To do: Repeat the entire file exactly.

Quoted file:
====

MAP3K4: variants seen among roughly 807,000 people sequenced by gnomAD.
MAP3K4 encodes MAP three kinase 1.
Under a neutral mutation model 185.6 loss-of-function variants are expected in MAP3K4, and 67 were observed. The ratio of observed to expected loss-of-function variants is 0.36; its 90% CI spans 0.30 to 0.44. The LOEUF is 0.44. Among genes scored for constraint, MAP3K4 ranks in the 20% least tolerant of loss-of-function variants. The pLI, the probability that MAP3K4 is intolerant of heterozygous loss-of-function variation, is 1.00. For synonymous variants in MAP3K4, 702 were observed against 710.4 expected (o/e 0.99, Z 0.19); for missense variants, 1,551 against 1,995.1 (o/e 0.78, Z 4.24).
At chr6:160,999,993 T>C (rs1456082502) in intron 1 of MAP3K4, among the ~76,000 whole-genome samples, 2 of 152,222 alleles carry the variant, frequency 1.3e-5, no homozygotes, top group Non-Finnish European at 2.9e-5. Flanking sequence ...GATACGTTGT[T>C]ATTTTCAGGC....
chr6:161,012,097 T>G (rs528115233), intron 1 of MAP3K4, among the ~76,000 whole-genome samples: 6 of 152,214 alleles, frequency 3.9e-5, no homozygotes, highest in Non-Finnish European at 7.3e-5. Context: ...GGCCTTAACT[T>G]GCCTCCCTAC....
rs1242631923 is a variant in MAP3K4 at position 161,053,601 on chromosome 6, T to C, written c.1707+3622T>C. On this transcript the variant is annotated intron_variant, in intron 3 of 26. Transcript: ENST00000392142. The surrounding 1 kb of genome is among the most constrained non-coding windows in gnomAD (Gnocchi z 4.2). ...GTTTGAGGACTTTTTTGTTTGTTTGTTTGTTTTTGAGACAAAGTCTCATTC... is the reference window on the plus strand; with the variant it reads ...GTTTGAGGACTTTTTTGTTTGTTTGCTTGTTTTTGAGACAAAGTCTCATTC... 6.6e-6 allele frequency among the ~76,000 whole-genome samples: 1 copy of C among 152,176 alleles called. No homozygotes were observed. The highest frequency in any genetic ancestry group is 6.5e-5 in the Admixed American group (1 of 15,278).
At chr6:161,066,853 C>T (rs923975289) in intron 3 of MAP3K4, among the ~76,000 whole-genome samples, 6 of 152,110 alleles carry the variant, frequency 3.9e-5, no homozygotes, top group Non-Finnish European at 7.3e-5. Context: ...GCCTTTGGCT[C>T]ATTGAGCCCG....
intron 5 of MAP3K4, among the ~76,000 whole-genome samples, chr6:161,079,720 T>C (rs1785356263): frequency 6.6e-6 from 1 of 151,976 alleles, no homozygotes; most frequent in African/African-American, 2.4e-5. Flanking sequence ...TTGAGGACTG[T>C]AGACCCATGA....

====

MAP3K4: variants seen among roughly 807,000 people sequenced by gnomAD.
MAP3K4 encodes MAP three kinase 1.
Under a neutral mutation model 185.6 loss-of-function variants are expected in MAP3K4, and 67 were observed. The ratio of observed to expected loss-of-function variants is 0.36; its 90% CI spans 0.30 to 0.44. The LOEUF is 0.44. Among genes scored for constraint, MAP3K4 ranks in the 20% least tolerant of loss-of-function variants. The pLI, the probability that MAP3K4 is intolerant of heterozygous loss-of-function variation, is 1.00. For synonymous variants in MAP3K4, 702 were observed against 710.4 expected (o/e 0.99, Z 0.19); for missense variants, 1,551 against 1,995.1 (o/e 0.78, Z 4.24).
At chr6:160,999,993 T>C (rs1456082502) in intron 1 of MAP3K4, among the ~76,000 whole-genome samples, 2 of 152,222 alleles carry the variant, frequency 1.3e-5, no homozygotes, top group Non-Finnish European at 2.9e-5. Flanking sequence ...GATACGTTGT[T>C]ATTTTCAGGC....
chr6:161,012,097 T>G (rs528115233), intron 1 of MAP3K4, among the ~76,000 whole-genome samples: 6 of 152,214 alleles, frequency 3.9e-5, no homozygotes, highest in Non-Finnish European at 7.3e-5. Context: ...GGCCTTAACT[T>G]GCCTCCCTAC....
rs1242631923 is a variant in MAP3K4 at position 161,053,601 on chromosome 6, T to C, written c.1707+3622T>C. On this transcript the variant is annotated intron_variant, in intron 3 of 26. Transcript: ENST00000392142. The surrounding 1 kb of genome is among the most constrained non-coding windows in gnomAD (Gnocchi z 4.2). ...GTTTGAGGACTTTTTTGTTTGTTTGTTTGTTTTTGAGACAAAGTCTCATTC... is the reference window on the plus strand; with the variant it reads ...GTTTGAGGACTTTTTTGTTTGTTTGCTTGTTTTTGAGACAAAGTCTCATTC... 6.6e-6 allele frequency among the ~76,000 whole-genome samples: 1 copy of C among 152,176 alleles called. No homozygotes were observed. The highest frequency in any genetic ancestry group is 6.5e-5 in the Admixed American group (1 of 15,278).
At chr6:161,066,853 C>T (rs923975289) in intron 3 of MAP3K4, among the ~76,000 whole-genome samples, 6 of 152,110 alleles carry the variant, frequency 3.9e-5, no homozygotes, top group Non-Finnish European at 7.3e-5. Context: ...GCCTTTGGCT[C>T]ATTGAGCCCG....
intron 5 of MAP3K4, among the ~76,000 whole-genome samples, chr6:161,079,720 T>C (rs1785356263): frequency 6.6e-6 from 1 of 151,976 alleles, no homozygotes; most frequent in African/African-American, 2.4e-5. Flanking sequence ...TTGAGGACTG[T>C]AGACCCATGA....